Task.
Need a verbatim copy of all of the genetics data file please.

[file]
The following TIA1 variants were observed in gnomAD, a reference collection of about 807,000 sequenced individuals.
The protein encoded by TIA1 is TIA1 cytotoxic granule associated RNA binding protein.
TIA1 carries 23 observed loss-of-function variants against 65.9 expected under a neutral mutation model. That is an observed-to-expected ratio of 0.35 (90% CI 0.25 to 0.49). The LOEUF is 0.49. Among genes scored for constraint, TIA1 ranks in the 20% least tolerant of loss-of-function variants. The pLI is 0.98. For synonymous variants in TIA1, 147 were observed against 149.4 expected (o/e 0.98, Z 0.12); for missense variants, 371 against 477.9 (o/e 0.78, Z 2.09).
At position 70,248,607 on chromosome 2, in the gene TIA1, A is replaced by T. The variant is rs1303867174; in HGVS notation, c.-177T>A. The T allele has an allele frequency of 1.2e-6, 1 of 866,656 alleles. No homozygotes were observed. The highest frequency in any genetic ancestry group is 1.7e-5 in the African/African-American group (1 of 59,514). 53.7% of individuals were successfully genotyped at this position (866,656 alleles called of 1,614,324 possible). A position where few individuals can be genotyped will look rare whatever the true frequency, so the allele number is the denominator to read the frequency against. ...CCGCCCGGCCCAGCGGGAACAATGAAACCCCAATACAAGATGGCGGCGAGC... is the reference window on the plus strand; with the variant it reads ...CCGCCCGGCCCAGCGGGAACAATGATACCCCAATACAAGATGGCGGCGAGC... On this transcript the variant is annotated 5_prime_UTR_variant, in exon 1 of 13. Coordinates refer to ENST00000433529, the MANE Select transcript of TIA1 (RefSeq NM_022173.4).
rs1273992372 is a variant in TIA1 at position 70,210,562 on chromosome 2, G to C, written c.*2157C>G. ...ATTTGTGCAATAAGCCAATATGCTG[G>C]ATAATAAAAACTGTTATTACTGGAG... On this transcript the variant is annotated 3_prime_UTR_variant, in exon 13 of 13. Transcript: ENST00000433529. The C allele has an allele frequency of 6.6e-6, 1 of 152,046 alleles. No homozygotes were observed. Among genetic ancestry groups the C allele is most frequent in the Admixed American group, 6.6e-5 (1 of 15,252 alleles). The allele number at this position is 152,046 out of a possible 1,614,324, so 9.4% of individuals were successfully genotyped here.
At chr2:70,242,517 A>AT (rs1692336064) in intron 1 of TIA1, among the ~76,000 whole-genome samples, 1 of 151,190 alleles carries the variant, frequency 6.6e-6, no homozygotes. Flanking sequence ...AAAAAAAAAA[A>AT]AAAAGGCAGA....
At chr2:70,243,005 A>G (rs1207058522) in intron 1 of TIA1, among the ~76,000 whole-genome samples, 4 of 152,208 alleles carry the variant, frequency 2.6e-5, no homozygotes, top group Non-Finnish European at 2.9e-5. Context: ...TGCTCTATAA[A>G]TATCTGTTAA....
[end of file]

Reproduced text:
The following TIA1 variants were observed in gnomAD, a reference collection of about 807,000 sequenced individuals.
The protein encoded by TIA1 is TIA1 cytotoxic granule associated RNA binding protein.
TIA1 carries 23 observed loss-of-function variants against 65.9 expected under a neutral mutation model. That is an observed-to-expected ratio of 0.35 (90% CI 0.25 to 0.49). The LOEUF is 0.49. Among genes scored for constraint, TIA1 ranks in the 20% least tolerant of loss-of-function variants. The pLI is 0.98. For synonymous variants in TIA1, 147 were observed against 149.4 expected (o/e 0.98, Z 0.12); for missense variants, 371 against 477.9 (o/e 0.78, Z 2.09).
At position 70,248,607 on chromosome 2, in the gene TIA1, A is replaced by T. The variant is rs1303867174; in HGVS notation, c.-177T>A. The T allele has an allele frequency of 1.2e-6, 1 of 866,656 alleles. No homozygotes were observed. The highest frequency in any genetic ancestry group is 1.7e-5 in the African/African-American group (1 of 59,514). 53.7% of individuals were successfully genotyped at this position (866,656 alleles called of 1,614,324 possible). A position where few individuals can be genotyped will look rare whatever the true frequency, so the allele number is the denominator to read the frequency against. ...CCGCCCGGCCCAGCGGGAACAATGAAACCCCAATACAAGATGGCGGCGAGC... is the reference window on the plus strand; with the variant it reads ...CCGCCCGGCCCAGCGGGAACAATGATACCCCAATACAAGATGGCGGCGAGC... On this transcript the variant is annotated 5_prime_UTR_variant, in exon 1 of 13. Coordinates refer to ENST00000433529, the MANE Select transcript of TIA1 (RefSeq NM_022173.4).
rs1273992372 is a variant in TIA1 at position 70,210,562 on chromosome 2, G to C, written c.*2157C>G. ...ATTTGTGCAATAAGCCAATATGCTG[G>C]ATAATAAAAACTGTTATTACTGGAG... On this transcript the variant is annotated 3_prime_UTR_variant, in exon 13 of 13. Transcript: ENST00000433529. The C allele has an allele frequency of 6.6e-6, 1 of 152,046 alleles. No homozygotes were observed. Among genetic ancestry groups the C allele is most frequent in the Admixed American group, 6.6e-5 (1 of 15,252 alleles). The allele number at this position is 152,046 out of a possible 1,614,324, so 9.4% of individuals were successfully genotyped here.
At chr2:70,242,517 A>AT (rs1692336064) in intron 1 of TIA1, among the ~76,000 whole-genome samples, 1 of 151,190 alleles carries the variant, frequency 6.6e-6, no homozygotes. Flanking sequence ...AAAAAAAAAA[A>AT]AAAAGGCAGA....
At chr2:70,243,005 A>G (rs1207058522) in intron 1 of TIA1, among the ~76,000 whole-genome samples, 4 of 152,208 alleles carry the variant, frequency 2.6e-5, no homozygotes, top group Non-Finnish European at 2.9e-5. Context: ...TGCTCTATAA[A>G]TATCTGTTAA....